No one who remembers 1989, when the Berlin Wall dividing East and West came down in not much more than a night, partly through ‘people power’, can visit Germany’s capital city without being aware of its unique history. To have an impression of the wall as it was, with no man’s land beyond where many died attempting to reach ‘freedom’, head for Bernauer Strasse near Nordbahnhof station, where you can climb a tower to view the historic barrier from above. Alternatively, take the U-bahn, S-bahn or bus out to Warschauer Strasse where there is a 1.3 km stretch of wall that was covered in over 100 murals by artists from all over the world marking the fall of the wall. In keeping with Berlin’s modern image as a capital of creativity, this free open air art gallery is currently being restored after years of defacement by graffiti.
Berlin’s centre is a delight and just exploring on foot is endlessly fascinating. Many visitors start at the impressive Brandenburg Gate with the park beyond and the Reichstag nearby, with its glass dome designed by Sir Norman Foster for his refurbishment of the parliament building in 1999. Between 08.00 and 23.00 you can walk up the 230 metre gentle gradient that circles the inside of the dome for great views of the government area of the city. (Book online or when you get there, and take ID with you.)
You can take the usual open top bus tour to get yourself orientated in the city, but for a different angle try the Berlin Cruise on the River Spree (April to October). This trip passes the main city centre sights, with commentaries in German and English.
Once politicised by the Nazis, Unter den Linden nowadays is a city centre shopping area and few of the historic lime trees remain. However it makes a pleasant walk past many of the grandest buildings in Berlin to the magnificent Cathedral.
For a stark contrast you could make your way to Alexanderplatz, a 1970s icon of East Germany, with its 368 metre tall Fernsehturm (television tower). Queues for the viewing gallery can be long at the height of the tourist season, but Berlin is a city you can visit at any time of year. In the day the revolving restaurant at the top will let you sit over a coffee for the half hour it takes to complete the circuit.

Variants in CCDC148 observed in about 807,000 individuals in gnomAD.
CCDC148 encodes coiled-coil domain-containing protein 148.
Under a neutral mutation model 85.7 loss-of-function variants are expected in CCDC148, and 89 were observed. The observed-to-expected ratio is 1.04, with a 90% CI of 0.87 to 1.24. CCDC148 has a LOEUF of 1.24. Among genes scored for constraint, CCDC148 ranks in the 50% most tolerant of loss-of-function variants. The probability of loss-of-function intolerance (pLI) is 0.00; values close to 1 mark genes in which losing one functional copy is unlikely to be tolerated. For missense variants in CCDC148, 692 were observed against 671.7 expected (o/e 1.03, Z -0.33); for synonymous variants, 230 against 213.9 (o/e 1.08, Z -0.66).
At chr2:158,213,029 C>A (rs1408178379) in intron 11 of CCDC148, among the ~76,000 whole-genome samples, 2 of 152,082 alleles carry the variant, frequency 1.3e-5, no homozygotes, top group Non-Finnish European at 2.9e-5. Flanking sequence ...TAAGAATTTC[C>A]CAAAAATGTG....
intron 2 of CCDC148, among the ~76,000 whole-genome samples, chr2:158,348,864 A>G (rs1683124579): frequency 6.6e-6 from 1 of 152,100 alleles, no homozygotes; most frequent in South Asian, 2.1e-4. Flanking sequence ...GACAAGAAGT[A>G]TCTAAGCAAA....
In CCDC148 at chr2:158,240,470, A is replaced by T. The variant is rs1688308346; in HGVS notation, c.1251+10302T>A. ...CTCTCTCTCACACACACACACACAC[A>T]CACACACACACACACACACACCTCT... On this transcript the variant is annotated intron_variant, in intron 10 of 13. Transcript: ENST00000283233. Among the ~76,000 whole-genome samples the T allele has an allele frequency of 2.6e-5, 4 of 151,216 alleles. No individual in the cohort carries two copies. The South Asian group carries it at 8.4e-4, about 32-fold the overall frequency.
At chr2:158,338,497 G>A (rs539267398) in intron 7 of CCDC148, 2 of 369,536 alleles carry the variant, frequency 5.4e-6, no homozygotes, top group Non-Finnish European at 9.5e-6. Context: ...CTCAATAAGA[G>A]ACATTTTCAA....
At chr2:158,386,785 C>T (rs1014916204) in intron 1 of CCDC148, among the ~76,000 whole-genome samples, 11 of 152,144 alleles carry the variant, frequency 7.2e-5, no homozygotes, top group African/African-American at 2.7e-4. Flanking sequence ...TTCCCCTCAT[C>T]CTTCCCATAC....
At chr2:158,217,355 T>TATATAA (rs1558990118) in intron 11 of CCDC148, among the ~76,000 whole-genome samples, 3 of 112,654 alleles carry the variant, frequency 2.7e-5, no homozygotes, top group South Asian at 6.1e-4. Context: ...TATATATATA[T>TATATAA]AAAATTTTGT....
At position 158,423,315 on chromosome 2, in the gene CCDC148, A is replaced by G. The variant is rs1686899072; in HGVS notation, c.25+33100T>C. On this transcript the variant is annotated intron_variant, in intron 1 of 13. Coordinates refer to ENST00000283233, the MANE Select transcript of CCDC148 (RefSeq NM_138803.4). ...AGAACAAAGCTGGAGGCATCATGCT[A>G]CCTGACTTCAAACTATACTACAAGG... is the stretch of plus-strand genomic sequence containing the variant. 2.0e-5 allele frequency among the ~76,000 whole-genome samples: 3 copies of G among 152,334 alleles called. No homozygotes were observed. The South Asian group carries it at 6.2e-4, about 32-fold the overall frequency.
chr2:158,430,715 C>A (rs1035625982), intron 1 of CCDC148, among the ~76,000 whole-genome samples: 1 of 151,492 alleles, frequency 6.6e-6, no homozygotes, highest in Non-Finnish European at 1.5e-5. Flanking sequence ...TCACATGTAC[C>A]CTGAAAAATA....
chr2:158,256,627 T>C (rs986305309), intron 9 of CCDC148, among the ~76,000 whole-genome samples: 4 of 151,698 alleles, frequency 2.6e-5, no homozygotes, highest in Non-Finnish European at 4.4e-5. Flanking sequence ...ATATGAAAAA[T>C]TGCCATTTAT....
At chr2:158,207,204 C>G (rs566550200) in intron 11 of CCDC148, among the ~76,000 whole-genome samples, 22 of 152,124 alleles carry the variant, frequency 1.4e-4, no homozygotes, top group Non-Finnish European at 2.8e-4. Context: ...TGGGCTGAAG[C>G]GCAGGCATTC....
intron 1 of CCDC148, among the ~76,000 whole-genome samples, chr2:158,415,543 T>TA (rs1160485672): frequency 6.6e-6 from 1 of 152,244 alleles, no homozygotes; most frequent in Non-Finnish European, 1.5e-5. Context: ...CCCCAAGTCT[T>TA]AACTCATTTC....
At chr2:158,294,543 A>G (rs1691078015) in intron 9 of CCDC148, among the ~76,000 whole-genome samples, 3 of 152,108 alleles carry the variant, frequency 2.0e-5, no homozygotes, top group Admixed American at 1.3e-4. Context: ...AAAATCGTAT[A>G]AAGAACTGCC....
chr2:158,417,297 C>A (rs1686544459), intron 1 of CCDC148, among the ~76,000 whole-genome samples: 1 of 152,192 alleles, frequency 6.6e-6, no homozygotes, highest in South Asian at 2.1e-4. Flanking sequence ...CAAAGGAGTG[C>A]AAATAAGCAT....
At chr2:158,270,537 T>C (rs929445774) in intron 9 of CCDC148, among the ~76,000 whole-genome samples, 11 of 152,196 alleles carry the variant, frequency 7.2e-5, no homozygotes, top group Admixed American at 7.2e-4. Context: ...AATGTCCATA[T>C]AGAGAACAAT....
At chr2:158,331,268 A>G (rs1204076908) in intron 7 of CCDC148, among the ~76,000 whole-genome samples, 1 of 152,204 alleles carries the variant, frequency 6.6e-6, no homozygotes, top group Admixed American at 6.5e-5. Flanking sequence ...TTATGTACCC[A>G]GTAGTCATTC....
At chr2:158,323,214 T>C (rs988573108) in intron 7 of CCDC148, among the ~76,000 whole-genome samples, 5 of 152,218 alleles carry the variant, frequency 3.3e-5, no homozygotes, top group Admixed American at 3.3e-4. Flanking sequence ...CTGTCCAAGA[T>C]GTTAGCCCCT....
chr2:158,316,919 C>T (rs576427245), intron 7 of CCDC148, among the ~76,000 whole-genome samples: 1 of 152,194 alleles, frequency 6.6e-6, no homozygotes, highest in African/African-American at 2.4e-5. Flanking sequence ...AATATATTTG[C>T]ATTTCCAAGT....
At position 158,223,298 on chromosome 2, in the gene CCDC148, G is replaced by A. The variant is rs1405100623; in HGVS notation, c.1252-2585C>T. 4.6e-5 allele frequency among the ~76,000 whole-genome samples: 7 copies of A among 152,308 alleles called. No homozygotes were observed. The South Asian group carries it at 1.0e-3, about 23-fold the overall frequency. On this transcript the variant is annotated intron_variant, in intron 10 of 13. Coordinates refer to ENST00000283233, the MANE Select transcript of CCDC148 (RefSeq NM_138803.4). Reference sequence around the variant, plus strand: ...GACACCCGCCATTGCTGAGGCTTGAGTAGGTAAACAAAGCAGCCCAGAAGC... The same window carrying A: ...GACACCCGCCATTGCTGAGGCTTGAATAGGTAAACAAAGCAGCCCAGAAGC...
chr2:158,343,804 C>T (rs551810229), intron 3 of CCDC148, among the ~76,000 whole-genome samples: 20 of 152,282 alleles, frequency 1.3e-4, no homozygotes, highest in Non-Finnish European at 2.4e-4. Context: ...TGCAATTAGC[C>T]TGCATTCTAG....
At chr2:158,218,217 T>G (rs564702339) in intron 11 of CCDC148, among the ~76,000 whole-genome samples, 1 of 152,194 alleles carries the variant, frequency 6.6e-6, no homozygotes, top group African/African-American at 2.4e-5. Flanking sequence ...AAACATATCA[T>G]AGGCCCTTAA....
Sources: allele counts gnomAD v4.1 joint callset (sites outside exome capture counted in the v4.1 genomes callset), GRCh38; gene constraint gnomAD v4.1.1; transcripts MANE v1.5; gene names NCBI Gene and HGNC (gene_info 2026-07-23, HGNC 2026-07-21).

There are said to be 153 museums in Berlin, and seven of them are conveniently located on Museum Island, itself a World Heritage Site. The Pergamon Museum houses Greek and Roman art and classical antiquities, including reconstructed buildings. It also has a good restaurant with tables outside in summer.
For an insight into a dark period of German history you need to go to the Jewish Museum on Lindenstrasse. Designed by Daniel Libeskind with its Exile Garden and Tower of the Holocaust, the building itself is as much a part of the powerful experience as the exhibits.
Impressive though these internationally known museums are, my own favourite memorial to heroism in Berlin is the Museum Blindenwerkstatt Otto Weidt at Rosenthaler 39. At his small brush factory employing many blind Jewish workers, non-Jew Weidt risked his own life to save numerous employees from deportation by bribing the Gestapo, hiding people, and even on one occasion, though partially sighted himself, travelling to a concentration camp and getting an employee released.
Finally, to return to the subject of the Berlin wall, on Friedrichstrasse you can pose for free for photographs at a street mock-up of Checkpoint Charlie, or pay to go into the Check Point Charlie Museum (Daily 09.00 to 22.00). However the original guardhouse from the checkpoint that featured in so many spy stories is to be found in the Allied Museum at Clayallee (admission free), where the 50 year history of the Western powers’ presence in this unique city is documented.
The Berlin Wall was initially constructed starting on August 13, 1961. and dismantled in the weeks following November 9, 1989.